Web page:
Math madness

Nearly every state in the U.S. offers traditional mathematics courses or a choice between traditional and integrated math. Only four states, Georgia being one of them, continue to promote the integrated model.

Some states that originally supported integrated math have stepped back and begun offering a choice to school districts, and their state assessments match that approach. But though the Georgia Department of Education now allows individual districts to choose their approach, its state assessments still unfairly favor the integrated pathway.

As Superintendent Robert Avossa says, “When the state Department of Education gave school districts the autonomy to choose how they would teach mathematics — by integrated or traditional approach — it meant that two different testing pathways would be needed to appropriately assess students. Students being taught using a traditional approach, such as those in Fulton, should not be assessed using an integrated approach End of Course Test.”

“Yet, that is exactly what the Georgia DOE intends to do,” Avossa says. “Legislation was introduced during the 2014 legislative session that would allow a dual pathway for testing, but it did not pass. Now, there is no option to give students being taught by a traditional approach an appropriate test, and this puts our students at an unfair disadvantage, especially since 20 percent of a student’s final grade comes from that End of Course Test.”

This hot topic has not cooled off even though the school year is out. Two weeks ago, the Georgia School Boards Association met for its annual Summer Conference & Delegate Assembly, and members of the Fulton board were among them. Board members representing most of Georgia’s 180 school districts discussed serious issues impacting our children’s education and developed a list of legislative priorities to take to the state and national level.

Not surprisingly, math was one of the most discussed topics. It was clear school boards across Georgia are unified in their belief school districts should have local control of their delivery of the curriculum, and state assessments should match that delivery.

To that end, the School Boards Association unanimously adopted a legislative position proposed by the Fulton County school board: “GSBA encourages the Georgia Department of Education to develop assessments aligned to standards, as opposed to a grade-level or state defined course, and provide systems the flexibility to administer those assessments if students are ready prior to the spring of each school year.”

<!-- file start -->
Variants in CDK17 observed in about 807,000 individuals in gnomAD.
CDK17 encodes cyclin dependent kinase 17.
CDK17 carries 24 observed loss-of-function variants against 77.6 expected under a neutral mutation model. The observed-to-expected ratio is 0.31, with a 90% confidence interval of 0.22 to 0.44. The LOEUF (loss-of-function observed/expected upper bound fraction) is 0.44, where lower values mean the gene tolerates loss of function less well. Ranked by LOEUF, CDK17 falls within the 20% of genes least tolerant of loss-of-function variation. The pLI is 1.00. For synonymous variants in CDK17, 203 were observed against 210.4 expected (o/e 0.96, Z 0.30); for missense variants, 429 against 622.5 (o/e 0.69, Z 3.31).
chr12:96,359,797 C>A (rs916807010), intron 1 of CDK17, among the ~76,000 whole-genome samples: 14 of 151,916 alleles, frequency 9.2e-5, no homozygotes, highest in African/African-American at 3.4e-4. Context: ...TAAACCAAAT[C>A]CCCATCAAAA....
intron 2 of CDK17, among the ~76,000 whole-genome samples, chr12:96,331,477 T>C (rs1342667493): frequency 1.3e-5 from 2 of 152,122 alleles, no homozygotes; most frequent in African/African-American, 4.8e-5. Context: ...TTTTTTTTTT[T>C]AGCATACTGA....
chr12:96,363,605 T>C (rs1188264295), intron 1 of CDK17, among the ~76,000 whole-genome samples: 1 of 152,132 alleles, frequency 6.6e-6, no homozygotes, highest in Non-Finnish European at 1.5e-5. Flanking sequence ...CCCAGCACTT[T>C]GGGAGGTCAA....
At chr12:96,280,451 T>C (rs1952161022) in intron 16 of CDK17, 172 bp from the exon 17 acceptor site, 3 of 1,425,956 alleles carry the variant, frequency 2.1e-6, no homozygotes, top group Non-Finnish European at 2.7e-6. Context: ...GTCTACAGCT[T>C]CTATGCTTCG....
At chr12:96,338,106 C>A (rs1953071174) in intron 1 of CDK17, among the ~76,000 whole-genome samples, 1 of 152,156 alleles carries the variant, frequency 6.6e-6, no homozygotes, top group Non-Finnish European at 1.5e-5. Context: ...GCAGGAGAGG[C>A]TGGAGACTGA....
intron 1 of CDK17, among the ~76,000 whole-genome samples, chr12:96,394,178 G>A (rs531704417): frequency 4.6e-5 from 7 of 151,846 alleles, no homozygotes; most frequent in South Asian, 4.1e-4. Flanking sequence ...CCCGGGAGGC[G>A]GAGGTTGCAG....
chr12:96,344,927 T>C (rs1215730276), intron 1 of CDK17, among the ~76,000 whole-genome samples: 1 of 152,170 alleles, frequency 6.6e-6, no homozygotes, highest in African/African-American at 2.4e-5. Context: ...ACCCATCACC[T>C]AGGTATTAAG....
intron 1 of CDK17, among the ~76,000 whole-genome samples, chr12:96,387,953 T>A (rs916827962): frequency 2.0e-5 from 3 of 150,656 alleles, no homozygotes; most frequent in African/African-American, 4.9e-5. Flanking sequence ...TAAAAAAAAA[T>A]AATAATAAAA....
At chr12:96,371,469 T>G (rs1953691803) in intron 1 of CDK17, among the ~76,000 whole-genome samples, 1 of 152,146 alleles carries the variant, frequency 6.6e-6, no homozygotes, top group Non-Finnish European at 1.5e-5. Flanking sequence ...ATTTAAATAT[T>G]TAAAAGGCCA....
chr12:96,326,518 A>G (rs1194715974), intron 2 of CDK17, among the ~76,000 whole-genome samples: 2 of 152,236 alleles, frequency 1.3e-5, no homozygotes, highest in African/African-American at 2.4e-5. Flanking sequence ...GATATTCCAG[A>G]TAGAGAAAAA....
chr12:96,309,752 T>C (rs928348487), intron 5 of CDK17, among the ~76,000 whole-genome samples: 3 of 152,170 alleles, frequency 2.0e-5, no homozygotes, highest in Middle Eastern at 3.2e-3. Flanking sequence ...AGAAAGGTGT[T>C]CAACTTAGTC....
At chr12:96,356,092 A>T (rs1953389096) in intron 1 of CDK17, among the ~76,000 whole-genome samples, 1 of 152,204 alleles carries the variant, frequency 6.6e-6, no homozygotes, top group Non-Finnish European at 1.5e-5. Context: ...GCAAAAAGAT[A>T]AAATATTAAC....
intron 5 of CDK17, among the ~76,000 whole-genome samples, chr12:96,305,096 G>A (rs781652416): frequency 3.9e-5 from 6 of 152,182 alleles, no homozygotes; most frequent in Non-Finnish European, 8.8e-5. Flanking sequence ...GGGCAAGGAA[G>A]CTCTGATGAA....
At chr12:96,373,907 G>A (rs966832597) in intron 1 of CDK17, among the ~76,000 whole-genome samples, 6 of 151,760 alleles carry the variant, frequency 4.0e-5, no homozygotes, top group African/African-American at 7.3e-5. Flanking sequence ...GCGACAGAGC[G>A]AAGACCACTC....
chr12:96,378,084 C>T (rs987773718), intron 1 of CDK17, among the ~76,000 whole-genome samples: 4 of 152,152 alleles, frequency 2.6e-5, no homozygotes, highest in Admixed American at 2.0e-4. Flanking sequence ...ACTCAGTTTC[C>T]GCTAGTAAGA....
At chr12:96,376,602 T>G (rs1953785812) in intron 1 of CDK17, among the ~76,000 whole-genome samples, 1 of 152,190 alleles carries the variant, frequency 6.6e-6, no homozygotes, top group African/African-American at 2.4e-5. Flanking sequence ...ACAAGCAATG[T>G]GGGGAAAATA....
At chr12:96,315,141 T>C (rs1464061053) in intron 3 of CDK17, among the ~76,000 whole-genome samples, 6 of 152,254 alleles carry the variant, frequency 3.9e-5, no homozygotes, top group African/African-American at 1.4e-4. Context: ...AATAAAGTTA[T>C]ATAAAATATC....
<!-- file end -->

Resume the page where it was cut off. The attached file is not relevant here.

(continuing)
Georgia’s End of Course Tests now assess on the integrated model, and it appears that development of the state’s new Georgia Milestones Assessment System will continue to favor the integrated approach. By choosing a single pathway to align its assessments, the Department of Education has demonstrated an error in judgment that its school systems do not want options or the flexibility to make educational decisions that best meet their community’s needs.

While some Georgia districts have accepted and adopted integrated math, a one-size-fits-all approach is not conducive to all, and especially not in Fulton County schools where instructional flexibility and innovation is our hallmark. As part of our charter system model, we are pushing aside the status quo and advocating for more curricular flexibility.

As the voice of many, we continue to petition the Georgia DOE and its Board of Education to give options and not force one approach over another. As Superintendent Avossa notes, the issue is about local control, not federal politics or a debate about Common Core.

“While the Georgia Department of Education did the right thing in 2011 to allow school districts to choose their mathematics approach, it must stand by this by allowing assessments to match,” Avossa says.

We agree and urge a return in Georgia to a dual pathway approach to testing before the 2014-2015 school year begins. The DOE holds a powerful grip over school systems’ ability to teach children, properly measure their mastery of the curriculum, and provide learning opportunities that are appropriate for their needs.

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Linda Schultz is president of the Fulton County Board of Education, and Linda McCain is vice president.

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